Appendix:Glossary of machine vision
Common definitions related to the machine vision field.
Compiled for application on the Society of Manufacturing Engineers interest area.
General related fields
- 1D. One dimensional.
- 2D computer graphics. The computer-based generation of digital images—mostly from two-dimensional models (such as 2D geometric models, text, and digital images) and by techniques specific to them.
- 3D scanner. This a device that analyzes a real-world object or environment to collect data on its shape and possibly color
- Aperture. In context of photography or machine vision, aperture refers to the diameter of the aperture stop of a photographic lens. The aperture stop can be adjusted to control the amount of light reaching the film or image sensor.
- aspect ratio (image). The aspect ratio of an image is its displayed width divided by its height (usually expressed as "x:y").
- Barcode. A barcode (also bar code) is a machine-readable representation of information in a visual format on a surface.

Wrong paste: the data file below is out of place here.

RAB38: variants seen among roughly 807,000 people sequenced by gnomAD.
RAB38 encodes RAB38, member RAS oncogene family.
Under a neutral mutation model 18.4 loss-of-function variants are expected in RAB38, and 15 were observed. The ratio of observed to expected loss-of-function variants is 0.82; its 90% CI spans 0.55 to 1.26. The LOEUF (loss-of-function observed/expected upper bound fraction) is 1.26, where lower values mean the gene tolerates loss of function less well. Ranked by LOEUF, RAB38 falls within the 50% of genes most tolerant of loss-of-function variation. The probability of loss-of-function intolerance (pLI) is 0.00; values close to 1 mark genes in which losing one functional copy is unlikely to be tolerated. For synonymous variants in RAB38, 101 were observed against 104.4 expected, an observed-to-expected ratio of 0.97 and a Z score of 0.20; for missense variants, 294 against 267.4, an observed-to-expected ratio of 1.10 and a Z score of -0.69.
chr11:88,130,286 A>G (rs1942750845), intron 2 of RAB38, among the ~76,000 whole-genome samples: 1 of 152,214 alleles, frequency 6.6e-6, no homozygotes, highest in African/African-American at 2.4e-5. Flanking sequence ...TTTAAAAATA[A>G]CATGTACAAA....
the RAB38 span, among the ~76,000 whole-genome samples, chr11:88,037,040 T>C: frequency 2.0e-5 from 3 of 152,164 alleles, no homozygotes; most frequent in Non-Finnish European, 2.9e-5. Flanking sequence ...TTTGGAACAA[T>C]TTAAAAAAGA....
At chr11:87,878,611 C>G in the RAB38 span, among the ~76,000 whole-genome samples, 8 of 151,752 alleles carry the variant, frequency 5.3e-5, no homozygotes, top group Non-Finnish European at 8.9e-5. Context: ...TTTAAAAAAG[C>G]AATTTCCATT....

- Blob discovery. Inspecting an image for discrete blobs of connected pixels (e.g. a black hole in a grey object) as image landmarks. These blobs frequently represent optical targets for machining, robotic capture, or manufacturing failure.
- Bitmap. A raster graphics image, digital image, or bitmap, is a data file or structure representing a generally rectangular grid of pixels, or points of color, on a computer monitor, paper, or other display device.
- Camera. A camera is a device used to take pictures, either singly or in sequence. A camera that takes pictures singly is sometimes called a photo camera to distinguish it from a video camera.
- Charge-coupled device. A charge-coupled device (CCD) is a sensor for recording images, consisting of an integrated circuit containing an array of linked, or coupled, capacitors. CCD sensors and cameras tend to be more sensitive, less noisy, and more expensive than CMOS sensors and cameras.
- CMOS. CMOS ("see-moss")stands for complementary metal-oxide semiconductor, is a major class of integrated circuits. CMOS imaging sensors for machine vision are cheaper the CCD sensors but more noisy.
- Color. The perception of the frequency (or wavelength) of light, and can be compared to how pitch (or a musical note) is the perception of the frequency or wavelength of sound.
- Color blindness. Also known as color vision deficiency, in humans is the inability to perceive differences between some or all colors that other people can distinguish